top of page

Just roll with it

Body image. We all have it. Now how we look at ourselves in the mirror is all very different to each human being. For me (because that's all I have to base any of this on) it has been a journey of love, lust, and pixie dust.

When I was younger, I never really looked in the mirror any certain sort of way. I was blissfully aware of its existence. The only time I ever really acknowledged it was there was when I put on my mothers makeup.

As the years went on and I started to become aware of my own skin, I started to pay attention to what the mirror was telling me. See, others seemed to have something to say about my body hair when I started to grow it. They said it looked gross and unclean. I was told at a very early age that I have a great butt. I was a child. The things my body were doing naturally became a talking point for the people around me in my life.

I was told that men liked long hair and modest women. I was supposed to be the girl they would want when they got all that "other stuff" out of their system. I was supposed to save myself and my image for them.

In an attempt to push my rebellious nature down into the depths of my soul, I wore my hair long. I tried not to paint my nails a dark color. I kept my face made up because I was told that perfection was beautiful. That was acceptable. That would make people like me more. I started to look at myself in the mirror in a different way. I started to pick and pull at these things on my body I never even looked at before.

I was broken up with in high school. The boy who dumped me ended up with another girl who was taller, thinner, and more conventionally attractive than I was. In an attempted to prove my worthiness, I ate MAYBE 600 calories a day and worked out for at least two hours each day. I thought If I was thinner, longer hair and lighter makeup he would want me back.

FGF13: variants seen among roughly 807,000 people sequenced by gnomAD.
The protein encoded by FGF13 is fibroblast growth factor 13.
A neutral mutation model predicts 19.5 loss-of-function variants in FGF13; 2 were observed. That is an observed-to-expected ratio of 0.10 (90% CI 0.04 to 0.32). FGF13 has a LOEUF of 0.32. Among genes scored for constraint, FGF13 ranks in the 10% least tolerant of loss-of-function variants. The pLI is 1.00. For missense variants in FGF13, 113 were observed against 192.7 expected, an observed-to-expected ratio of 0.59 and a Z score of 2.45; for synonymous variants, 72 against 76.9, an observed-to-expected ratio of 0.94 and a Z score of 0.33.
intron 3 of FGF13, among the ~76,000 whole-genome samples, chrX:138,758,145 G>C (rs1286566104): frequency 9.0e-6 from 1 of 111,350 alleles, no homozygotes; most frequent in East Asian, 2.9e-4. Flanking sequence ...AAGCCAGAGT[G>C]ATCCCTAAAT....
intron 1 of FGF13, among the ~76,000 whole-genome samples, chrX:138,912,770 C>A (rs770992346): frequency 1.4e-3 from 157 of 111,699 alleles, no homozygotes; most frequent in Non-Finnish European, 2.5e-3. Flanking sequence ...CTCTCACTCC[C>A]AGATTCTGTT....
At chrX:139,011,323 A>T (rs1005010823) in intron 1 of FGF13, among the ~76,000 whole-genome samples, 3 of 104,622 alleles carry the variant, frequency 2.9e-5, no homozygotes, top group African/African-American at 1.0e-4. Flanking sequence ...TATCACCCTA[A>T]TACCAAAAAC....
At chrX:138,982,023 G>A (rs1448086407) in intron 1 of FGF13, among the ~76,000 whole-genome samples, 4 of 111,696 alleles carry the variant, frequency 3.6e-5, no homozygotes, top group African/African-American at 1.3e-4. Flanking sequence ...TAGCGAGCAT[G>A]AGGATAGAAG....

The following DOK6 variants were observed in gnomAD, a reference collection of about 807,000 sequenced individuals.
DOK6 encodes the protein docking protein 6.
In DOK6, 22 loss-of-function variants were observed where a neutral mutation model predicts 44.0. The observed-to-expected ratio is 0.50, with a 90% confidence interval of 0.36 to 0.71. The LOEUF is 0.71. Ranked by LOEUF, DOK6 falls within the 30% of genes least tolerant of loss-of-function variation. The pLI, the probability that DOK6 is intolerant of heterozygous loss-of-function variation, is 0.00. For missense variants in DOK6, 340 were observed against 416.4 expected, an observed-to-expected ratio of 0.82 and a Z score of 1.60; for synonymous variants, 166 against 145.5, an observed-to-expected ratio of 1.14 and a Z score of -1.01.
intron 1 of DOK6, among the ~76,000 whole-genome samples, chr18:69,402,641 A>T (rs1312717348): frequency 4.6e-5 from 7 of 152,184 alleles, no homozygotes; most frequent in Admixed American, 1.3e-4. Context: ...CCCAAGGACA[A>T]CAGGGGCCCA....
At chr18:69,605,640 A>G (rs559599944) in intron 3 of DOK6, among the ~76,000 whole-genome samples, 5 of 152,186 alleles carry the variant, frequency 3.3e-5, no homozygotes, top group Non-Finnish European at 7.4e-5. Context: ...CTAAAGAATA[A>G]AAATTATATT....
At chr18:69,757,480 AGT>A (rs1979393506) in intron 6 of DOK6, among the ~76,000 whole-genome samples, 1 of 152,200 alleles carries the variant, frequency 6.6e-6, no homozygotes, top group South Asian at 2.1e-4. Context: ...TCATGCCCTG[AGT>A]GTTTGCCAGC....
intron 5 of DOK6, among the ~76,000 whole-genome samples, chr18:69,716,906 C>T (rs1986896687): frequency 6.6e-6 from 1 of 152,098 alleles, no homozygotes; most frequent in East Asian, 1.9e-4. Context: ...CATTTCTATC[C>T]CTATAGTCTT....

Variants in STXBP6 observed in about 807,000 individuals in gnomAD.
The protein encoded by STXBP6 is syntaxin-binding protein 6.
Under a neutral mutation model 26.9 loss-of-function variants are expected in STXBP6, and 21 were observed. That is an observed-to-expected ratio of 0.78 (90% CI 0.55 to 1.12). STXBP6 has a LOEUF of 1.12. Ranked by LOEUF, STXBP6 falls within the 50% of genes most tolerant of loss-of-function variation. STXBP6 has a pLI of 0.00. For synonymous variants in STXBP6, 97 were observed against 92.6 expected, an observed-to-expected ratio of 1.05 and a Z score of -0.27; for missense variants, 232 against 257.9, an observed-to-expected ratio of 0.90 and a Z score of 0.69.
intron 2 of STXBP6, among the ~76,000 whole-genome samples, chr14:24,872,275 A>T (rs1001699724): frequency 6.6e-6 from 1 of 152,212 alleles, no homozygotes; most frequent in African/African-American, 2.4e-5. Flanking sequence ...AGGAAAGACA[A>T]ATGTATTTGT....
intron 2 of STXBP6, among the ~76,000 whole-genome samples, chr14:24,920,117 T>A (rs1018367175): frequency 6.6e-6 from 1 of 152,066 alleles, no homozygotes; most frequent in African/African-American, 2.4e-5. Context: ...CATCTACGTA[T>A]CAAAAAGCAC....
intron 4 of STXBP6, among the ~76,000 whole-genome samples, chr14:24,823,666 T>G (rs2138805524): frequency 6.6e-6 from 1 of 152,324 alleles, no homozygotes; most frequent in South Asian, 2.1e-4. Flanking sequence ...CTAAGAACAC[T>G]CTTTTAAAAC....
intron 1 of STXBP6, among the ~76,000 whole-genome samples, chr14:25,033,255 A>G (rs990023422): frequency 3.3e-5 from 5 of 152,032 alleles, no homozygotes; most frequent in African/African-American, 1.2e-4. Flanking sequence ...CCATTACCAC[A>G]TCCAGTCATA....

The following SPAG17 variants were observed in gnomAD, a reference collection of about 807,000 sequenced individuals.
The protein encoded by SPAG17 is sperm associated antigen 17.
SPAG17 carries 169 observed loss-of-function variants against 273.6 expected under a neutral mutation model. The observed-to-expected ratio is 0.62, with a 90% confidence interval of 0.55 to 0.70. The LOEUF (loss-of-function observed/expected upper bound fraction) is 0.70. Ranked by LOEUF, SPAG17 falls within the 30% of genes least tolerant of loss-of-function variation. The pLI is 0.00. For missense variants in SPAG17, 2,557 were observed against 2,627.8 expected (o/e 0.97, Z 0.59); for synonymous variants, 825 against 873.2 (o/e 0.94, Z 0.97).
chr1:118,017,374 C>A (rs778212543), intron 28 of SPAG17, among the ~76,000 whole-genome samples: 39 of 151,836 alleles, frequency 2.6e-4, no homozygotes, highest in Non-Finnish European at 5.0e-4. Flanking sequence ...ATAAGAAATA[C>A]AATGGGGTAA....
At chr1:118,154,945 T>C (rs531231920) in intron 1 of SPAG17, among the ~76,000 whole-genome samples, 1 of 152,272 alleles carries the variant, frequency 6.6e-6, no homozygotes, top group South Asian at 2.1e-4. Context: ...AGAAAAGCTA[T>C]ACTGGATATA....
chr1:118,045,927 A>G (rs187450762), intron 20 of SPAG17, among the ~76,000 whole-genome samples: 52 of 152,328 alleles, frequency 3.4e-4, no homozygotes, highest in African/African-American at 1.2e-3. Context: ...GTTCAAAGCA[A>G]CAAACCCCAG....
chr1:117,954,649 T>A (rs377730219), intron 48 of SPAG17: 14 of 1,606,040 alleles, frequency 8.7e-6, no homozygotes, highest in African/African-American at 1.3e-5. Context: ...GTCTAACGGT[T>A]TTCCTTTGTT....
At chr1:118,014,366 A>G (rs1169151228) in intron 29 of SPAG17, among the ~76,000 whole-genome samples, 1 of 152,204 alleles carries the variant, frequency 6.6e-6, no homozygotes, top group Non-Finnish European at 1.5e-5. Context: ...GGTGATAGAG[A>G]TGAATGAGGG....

He did eventually. But I became relient on makeup to make me feel beautiful. I had a toxic relationship with food and exercise. And all the while, I would allow my true self that loved colorful hair and piercings' and all things punky to surface only for a little. Only to tell her to go back into the basement so people would accept us more.

So how am I the way that I am now?

Well, a few things had to happen. I had to make a conscious choice to live with the anxiety of allowing people to see me for who I really was. I forced myself to ditch the makeup to let my skin breath. I only used makeup as a form of artistic expression instead of letting it dictate my self worth. I started learning about skincare to help thank my skin for existing and taking care of me day in and day out.

I started to play dress up in my room late at night. Wearing what made ME feel good. I would add a little bit of those outfits into the ones I was already wearing. Again, allowing the anxiety of "being me" exist to teach myself that it wasn't dangerous. I took time to go to therapy and slowly cultivate a sense of self that wasn't based on what other people thought was beautiful.

I started to eat to fuel my body. I went to the gym to be mentally healthy. It stopped becoming about the physical. It started becoming about nurturing me and everything that makes me up.

I wish I could give you the exact formula for loving yourself. The truth is, we don't have a magical moment of pure unadulterated love. It ebbs and flows. And like anything good, it takes time to cultivate. I still have days that I don't feel the best, but I have put enough tools together to give myself a little extra care in those moments.

REMEMBER: Perfect doesn't exist. It's letters put together to make a word that makes a sound as it's pronounced.

Just be you. It's so much easier than trying to be someone else.

Good Vibeage Always,

Your Cycle Half Stephnaie xxoo


bottom of page